Wife. Blogger. Poet. Tutor. Researcher. Academic. Feminist. Welsh. Canal Boater. Life Coach. Current projects include * National Poetry Writing Month (extramusings.tumblr.com) *Champagne Style on a Shandy Budget (champagnestyleshandybudget.wordpress.com) *The 27th Letter (Novel) *'The Ultimate Guide to Office Temping' (Self Help Guide)
As part of my resolution to try new things, write new things and read new things in 2014, I took the big plunge this year and got both feet stuck into Twitter. It’s fast becoming a place I pay more attention to than facebook, as I’ve stuffed my feed to the brim with publishers, authors, poets, writers, journalists, small printing presses, journals and literary magazines. It’s lovely. Everytime I check in I find about new opportunities for submitting, literary debates raging, people getting cross about things which actually matter, books coming out and being reviewed and publicised and the chance to get involve in lovely arty campaigns. I should have been here years ago, but I was terrified of getting sucked in to vacuous celebrity gossip shit. If I’d known it was this easy to pick and choose, I’d have been here years ago. Never mind. Better fashionably late to the party than forever lurking outside the door.
One of the presses I started following were Salt Modern Fiction. Their big recommendation for reading in the run up to Easter was Little Egypt by Lesley Glaister. I didn’t know the author, I had no idea what I was letting myself in for but for that reason I decided to feel the fear and do it anyway, and downloaded the Kindle copy. I do sometimes find it scary reading new books. Not least because my disposable income is not especially large, but even I could find 99p for a new and recommended book.
I’m glad I did, because I was immediately engrossed. The premise was different to almost anything else I’d encountered, (except perhaps for The Pitchfork Disney) . Little Egypt tells the story of twin sister and brother, born to obsessive Egyptologist parents, who spend the vast majority of their children’s adolescence chasing archaeological discovery in Egypt during the 1920s, leaving them at home to be raised in England in genteel poverty. The obsession with Ancient Egypt is shared by the one of the twins, Osiris, who has becoming engrossed in the death culture of Egypt as a child. Isis, however, rejects the family passion and is on a permanent quest for love and affection, something which is in startlingly short supply in her life.
The narrative flows back and forth between Isis and Osiris surviving their dysfunctional childhood, raised by a housekeeper called Mary with occasional visits from their uncle Victor, who is still traumatised by the first world war, and Isis’s experience of life as an elderly woman, which resembles nothing more than a dry tapestry of existence, from which she wrings every drop of possible joy. The determination of Isis to look on the bright side of her confusing and disjointed life, always hungry for any scraps of love and affection, makes her an appealing and engaging character.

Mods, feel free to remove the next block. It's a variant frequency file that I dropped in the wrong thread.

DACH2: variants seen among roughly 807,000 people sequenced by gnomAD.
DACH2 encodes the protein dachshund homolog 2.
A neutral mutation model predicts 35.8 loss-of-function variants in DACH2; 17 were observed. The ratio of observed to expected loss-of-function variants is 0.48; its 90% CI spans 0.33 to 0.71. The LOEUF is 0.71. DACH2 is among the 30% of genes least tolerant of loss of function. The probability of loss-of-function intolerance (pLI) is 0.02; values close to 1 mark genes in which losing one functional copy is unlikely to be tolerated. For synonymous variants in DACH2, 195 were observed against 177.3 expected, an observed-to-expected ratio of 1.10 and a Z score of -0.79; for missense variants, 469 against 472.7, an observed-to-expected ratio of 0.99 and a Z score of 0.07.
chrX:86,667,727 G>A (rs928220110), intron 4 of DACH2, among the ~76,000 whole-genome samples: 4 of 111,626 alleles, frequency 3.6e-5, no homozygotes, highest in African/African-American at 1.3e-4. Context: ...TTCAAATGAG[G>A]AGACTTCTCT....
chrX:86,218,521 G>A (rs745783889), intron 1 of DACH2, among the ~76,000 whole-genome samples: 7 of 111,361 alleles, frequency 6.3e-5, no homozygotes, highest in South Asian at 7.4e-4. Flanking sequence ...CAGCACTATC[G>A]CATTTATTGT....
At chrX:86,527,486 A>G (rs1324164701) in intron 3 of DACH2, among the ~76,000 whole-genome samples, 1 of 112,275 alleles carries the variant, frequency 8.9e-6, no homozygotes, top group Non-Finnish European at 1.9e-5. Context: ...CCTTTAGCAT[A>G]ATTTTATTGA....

Her friendship with dumpster-diver Spike leads to some modern light and air finally penetrating the boundaries of ‘Little Egypt’, the house she has spent her entire life in, guarding a terrible secret which threatens both her and her increasingly odd and distant brother Osiris, who has lived in the upstairs rooms and hasn’t been seen even by Isis for many years. As the story unfolds, switching between Isis’s first person accounts and third person descriptions of the events which lead to her becoming trapped at Little Egypt, the full scope of the horrors experienced by Osiris and Isis grip the reader and drag them into the novel faster than quicksand.
As I followed Isis growing up and saw her longing to break free, as her life became twisted and shattered, I felt gripped with the same compulsion of watching an inevitable and unavoidable train wreck. It’s been years since I set my alarm clock early so that I could get up and read the final chunk of this book before going to work one morning, but this book demanded that I finish it. Glaister engages all of the senses with her portrayal of two very different deserts, both the lonely house of Little Egypt and the vast deserts of 1920s Egypt, which for Isis are both filled with extremes of temperature, confusion, isolation, loneliness and boredom, not to mention her own anger, abandonment issues and insatiable longing for love and affection.
This was my first experience of reading Lesley Glaister, I am certain it will not be my last.
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